Summer Skin Care: Treating Post-Inflammatory Erythema

by | Jun 1, 2017 | Blog, Skin Care Routine

Last week we discussed post-inflammatory hyperpigmentation (PIH), those pesky brown spots that appear after acne and sun/age damage. In this installation of our Summer Skin Care Series, we are covering the other type of hyperpigmentation: post-inflammatory erythema, otherwise known as PIE.

Post-inflammatory erythema are reddish pink blemishes often caused by acne, picked/popped pimples, cuts, sun exposure, chemical burns, or harsh over-exfoliation. These blemishes form when the capillaries under our skin break, triggering the increase of blood flow to heal the vascular wound.

Want a professional evaluation? Contact a board-certified dermatologist today!


Do I Have Post-Inflammatory Erythema?

There is a simple test to determine whether the reddish pink marks on your face are PIE. Apply pressure on the wound to see if it temporarily disappears. If it does, then the scars on your face are PIE, and if not, the reddish marks may be another skin condition, such as rosacea.

PIE marks eventually fade – even with no treatment – but the process can take anywhere between three months to a year. Unlike PIH, there is little research on how to treat PIE aside from vascular lasers, but certain measures can be taken at home to at least soothe the irritation.

Need more insight on your PIE? Ask one of our dermatologists!


Do’s and Don’ts

Firstly, to heal PIE it is essential to prevent further inflammation.

1. Don’t pick or pop any pimples as this can push more bacteria into the wound, further contaminating or irritating the skin.
What to do instead: Avoid scrubbing areas with PIE. Physical exfoliation is a very abrasive procedure and can cause unnecessary damage to the skin.

Summer Skin Care: The Do’s and Don’ts of Treating Post-Inflammatory Erythema PIE acne pimple

2. Don’t use cleansers with sulfates or high pH levels. Higher pH levels allows for bacteria to thrive in the skin, causing acne and halting the skin’s healing process.
What to do instead: Swap harsh face washes and toners out for cleansers and toners with chemical exfoliants, like AHAs and BHAs. AHAs and BHAs gently disperse the molecular bonds that keep dead skin cells on your skin’s surface, leaving your skin smooth, fresh, and soft.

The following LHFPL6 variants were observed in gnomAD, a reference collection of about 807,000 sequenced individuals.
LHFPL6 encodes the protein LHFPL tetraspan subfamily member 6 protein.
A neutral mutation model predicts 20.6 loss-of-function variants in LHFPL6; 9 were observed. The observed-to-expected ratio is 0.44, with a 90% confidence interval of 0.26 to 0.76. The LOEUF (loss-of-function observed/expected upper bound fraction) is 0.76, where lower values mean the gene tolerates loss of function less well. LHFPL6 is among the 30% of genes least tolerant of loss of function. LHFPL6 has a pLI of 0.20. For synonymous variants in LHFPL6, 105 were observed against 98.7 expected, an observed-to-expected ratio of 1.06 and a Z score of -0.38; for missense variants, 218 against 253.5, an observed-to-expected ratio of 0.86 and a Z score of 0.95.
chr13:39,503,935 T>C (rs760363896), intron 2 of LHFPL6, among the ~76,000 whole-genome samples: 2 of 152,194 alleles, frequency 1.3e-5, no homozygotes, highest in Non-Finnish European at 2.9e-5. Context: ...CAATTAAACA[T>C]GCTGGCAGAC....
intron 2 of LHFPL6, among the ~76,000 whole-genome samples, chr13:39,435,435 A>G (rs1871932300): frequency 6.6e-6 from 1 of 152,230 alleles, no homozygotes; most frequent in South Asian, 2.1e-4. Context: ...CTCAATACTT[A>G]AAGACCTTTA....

3. Don’t use toners with alcohol and other astringents. These dry the skin out, leading to excess sebum production and increased irritation.
What to do instead:  Find toners that will clean the skin all while retaining the skin’s moisture and use active ingredients that target red marks to make them fade faster. Vitamin C, Retinoids, and Niacinamide are active ingredients that increase the cell turnover process, healing not only PIE, but also PIH and as always.

Summer Skin Care: The Do’s and Don’ts of Treating Post-Inflammatory Erythema cleanser toner

4. Don’t apply lemons or lemon juice, undiluted tea tree oil, and highly concentrated Vitamin E directly to the skin as these are very potent ingredients and can irritate the already sensitive PIE wounds. A crucial thing to note in skin care is that not all natural products are for topical use.
What to do instead: incorporate green tea and green tea products into your skin care routine. Green tea is a naturally found calming, anti-inflammatory ingredient that is cleanses the body inside and out.

5. Don’t neglect protecting your skin from harsh UV rays. Sun exposure can darken your marks, which makes PIE harder to treat or fade away on its own.
What to do instead: Wear sunscreen, especially when using active ingredients!

Sunscreen choices


Professional Treatment

Lastly, if you are unsatisfied with results of at-home treatment of PIE, you can look into treating the scarring with vascular lasers. Vascular lasers break apart the broken capillaries within the skin, eliminating the redness on the surface of the skin. Some dermatologists also recommend microneedling, but there are no clinical studies that demonstrate its effectiveness.


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